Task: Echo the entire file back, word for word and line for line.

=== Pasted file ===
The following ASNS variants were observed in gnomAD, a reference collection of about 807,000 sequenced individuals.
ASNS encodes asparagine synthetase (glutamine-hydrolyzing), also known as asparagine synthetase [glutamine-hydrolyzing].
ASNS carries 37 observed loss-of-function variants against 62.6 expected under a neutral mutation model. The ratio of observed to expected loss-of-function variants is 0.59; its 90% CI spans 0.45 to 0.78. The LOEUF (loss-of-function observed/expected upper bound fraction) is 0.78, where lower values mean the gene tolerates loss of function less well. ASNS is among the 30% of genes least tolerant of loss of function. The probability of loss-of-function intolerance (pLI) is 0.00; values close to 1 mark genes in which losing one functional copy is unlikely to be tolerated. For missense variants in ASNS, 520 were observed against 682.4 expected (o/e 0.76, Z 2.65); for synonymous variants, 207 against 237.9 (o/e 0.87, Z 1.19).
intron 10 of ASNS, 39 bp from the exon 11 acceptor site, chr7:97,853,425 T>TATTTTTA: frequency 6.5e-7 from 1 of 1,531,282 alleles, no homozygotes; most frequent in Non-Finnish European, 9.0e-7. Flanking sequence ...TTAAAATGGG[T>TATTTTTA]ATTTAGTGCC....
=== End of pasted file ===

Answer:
The following ASNS variants were observed in gnomAD, a reference collection of about 807,000 sequenced individuals.
ASNS encodes asparagine synthetase (glutamine-hydrolyzing), also known as asparagine synthetase [glutamine-hydrolyzing].
ASNS carries 37 observed loss-of-function variants against 62.6 expected under a neutral mutation model. The ratio of observed to expected loss-of-function variants is 0.59; its 90% CI spans 0.45 to 0.78. The LOEUF (loss-of-function observed/expected upper bound fraction) is 0.78, where lower values mean the gene tolerates loss of function less well. ASNS is among the 30% of genes least tolerant of loss of function. The probability of loss-of-function intolerance (pLI) is 0.00; values close to 1 mark genes in which losing one functional copy is unlikely to be tolerated. For missense variants in ASNS, 520 were observed against 682.4 expected (o/e 0.76, Z 2.65); for synonymous variants, 207 against 237.9 (o/e 0.87, Z 1.19).
intron 10 of ASNS, 39 bp from the exon 11 acceptor site, chr7:97,853,425 T>TATTTTTA: frequency 6.5e-7 from 1 of 1,531,282 alleles, no homozygotes; most frequent in Non-Finnish European, 9.0e-7. Flanking sequence ...TTAAAATGGG[T>TATTTTTA]ATTTAGTGCC....